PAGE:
The mountain itself was originally named after Charles E. Rushmore, a New York lawyer investigating mining claims in the Black Hills in 1985. Sculptor Gutzon Borglum began drilling into the 5,725 – foot mountain in 1927. Creation of the Shrine of Democracy took 14 years and cost a mere $1 million, though it's now deemed priceless.
The granite faces of four American presidents' are scaled to men who would stand 465 feet tall! President Calvin Coolidge believed Mount Rushmore was “decidedly American in its conception, magnitude and meaning. It is altogether worthy of our country.” Coolidge proclaimed at the dedication of the project in 1927.
The Avenue of Flags leads to the Grandview Terrace. The flags of the 56 states and territories (as some territories fly the US flag) fly below the memorial. Here, the avenue provides direct and easy access to the Grandview Terrace and Presidential Trail, a half-mile walking trail that offers spectacular views of the mountain sculpture.
World War I The Liberty Memorial
“In honor of those who served in the world war in defense of liberty and our country.” – inscription, on the Liberty Memorial tower in Downtown Kansas City, Missouri, U.S.
The quote above best depicts the reasons and emotions behind the raising of the Liberty Memorial Monument. World War I (1914 – 1918), which ended on the Western Front in Europe on November 11, 1918, had dramatically changed the world and deeply affected future generations.
After the guns were silenced and the huge celebrations had died down, concerned citizens in the United States reflected on the past War and on the losses sustained. What could be done to honor and remember, they wondered? Just two weeks after the Armistice, a meeting of Kansas Citizens brought forth the idea and need for the creation of a lasting monument to all men and women in the war and to those who died.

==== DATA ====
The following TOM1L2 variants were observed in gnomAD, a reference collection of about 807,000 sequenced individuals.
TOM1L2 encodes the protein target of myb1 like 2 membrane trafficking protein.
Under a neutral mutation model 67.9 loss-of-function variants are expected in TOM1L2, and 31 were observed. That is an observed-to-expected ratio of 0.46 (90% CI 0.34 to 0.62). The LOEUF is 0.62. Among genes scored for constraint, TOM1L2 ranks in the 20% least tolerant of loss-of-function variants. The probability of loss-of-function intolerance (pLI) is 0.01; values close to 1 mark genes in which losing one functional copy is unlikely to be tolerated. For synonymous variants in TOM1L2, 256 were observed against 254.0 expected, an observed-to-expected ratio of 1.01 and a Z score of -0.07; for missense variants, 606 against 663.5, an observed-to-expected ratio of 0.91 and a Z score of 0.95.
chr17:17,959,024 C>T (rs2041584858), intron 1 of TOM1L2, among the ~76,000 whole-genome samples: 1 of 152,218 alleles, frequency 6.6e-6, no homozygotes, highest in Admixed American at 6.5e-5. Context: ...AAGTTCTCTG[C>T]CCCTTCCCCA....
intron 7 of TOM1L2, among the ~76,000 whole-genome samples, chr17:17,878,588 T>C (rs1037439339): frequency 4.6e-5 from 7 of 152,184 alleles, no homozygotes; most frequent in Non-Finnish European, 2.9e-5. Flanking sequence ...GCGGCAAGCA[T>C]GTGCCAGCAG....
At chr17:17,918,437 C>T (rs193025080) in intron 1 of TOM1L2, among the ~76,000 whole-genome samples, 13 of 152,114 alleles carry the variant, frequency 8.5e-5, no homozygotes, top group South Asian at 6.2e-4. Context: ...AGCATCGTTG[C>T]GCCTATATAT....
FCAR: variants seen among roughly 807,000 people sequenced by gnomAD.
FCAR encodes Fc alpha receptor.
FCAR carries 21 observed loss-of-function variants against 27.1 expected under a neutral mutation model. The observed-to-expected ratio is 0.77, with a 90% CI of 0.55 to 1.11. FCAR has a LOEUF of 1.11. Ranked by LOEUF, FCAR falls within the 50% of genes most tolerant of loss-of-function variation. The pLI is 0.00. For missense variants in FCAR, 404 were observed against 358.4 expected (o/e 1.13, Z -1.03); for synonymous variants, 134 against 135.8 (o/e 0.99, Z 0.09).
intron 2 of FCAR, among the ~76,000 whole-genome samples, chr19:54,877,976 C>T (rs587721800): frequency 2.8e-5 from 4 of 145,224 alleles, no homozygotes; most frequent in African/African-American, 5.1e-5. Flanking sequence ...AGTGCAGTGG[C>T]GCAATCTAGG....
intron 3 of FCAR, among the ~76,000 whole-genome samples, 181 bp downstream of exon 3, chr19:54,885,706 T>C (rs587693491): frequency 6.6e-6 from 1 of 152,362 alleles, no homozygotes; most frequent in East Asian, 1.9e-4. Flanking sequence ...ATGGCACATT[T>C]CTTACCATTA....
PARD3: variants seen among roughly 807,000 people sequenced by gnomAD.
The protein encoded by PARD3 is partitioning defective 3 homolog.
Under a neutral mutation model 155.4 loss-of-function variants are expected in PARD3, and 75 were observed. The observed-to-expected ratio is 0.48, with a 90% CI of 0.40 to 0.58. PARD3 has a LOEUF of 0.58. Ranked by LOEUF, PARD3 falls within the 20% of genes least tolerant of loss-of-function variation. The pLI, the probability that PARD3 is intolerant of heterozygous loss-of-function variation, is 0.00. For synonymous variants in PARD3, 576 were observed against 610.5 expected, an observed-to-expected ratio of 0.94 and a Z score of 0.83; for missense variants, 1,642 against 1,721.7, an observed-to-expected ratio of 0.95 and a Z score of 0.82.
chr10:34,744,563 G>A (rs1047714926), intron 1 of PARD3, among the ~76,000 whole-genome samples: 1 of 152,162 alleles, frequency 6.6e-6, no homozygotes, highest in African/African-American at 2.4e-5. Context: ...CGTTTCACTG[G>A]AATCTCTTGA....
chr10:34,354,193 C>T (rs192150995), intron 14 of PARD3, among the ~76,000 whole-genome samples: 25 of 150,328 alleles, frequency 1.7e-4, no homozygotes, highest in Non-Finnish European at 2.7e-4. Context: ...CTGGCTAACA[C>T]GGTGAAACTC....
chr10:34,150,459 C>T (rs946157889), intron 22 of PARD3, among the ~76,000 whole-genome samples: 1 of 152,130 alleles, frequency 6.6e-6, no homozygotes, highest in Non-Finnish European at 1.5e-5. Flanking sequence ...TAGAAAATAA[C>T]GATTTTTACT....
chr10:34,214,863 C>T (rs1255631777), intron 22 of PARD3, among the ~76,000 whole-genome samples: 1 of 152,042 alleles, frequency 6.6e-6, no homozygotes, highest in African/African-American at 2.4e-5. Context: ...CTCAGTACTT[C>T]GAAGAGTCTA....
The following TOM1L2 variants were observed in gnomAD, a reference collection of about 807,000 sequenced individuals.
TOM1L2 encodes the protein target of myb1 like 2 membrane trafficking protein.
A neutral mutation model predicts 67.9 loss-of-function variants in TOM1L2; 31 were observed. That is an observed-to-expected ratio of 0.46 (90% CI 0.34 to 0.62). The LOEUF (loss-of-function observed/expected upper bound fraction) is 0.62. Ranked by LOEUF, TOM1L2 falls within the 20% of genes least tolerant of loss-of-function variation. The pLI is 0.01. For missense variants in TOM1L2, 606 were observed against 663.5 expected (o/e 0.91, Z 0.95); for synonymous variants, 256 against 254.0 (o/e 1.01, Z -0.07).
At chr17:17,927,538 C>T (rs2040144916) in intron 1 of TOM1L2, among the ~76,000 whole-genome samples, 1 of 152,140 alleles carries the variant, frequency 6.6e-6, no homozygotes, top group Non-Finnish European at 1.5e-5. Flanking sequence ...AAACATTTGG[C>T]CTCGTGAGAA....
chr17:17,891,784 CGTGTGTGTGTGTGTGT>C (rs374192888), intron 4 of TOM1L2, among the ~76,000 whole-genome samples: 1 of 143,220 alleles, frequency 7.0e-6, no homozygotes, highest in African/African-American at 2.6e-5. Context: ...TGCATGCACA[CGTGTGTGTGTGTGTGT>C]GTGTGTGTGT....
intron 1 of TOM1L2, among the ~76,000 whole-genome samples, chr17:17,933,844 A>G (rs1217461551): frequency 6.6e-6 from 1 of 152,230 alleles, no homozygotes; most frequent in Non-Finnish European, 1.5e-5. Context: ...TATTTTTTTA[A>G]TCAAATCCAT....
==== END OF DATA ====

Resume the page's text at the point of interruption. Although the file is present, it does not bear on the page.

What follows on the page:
R>A. Long, founding president of the Liberty Memorial Association stated: “From its inception it was intended that this Memorial should represent on the part of all people, a living expression for all time, of the gratitude of a grateful people to those who offered and who gave their lives in defense of liberty and our country.”
A community-based fund-raising drive in 1919, led by this Association, raised over $2,500,000 in less than two weeks through public subscription in Kansas City and around the nation. This Staggering accomplishment reflected the passion of public opinion about the Great War, which so recently ended. Following the drive, the American Institute of Architects held a national architectural competition for monument designs.
The competition yielded the selected design by architect H. Van Buren Magonigle.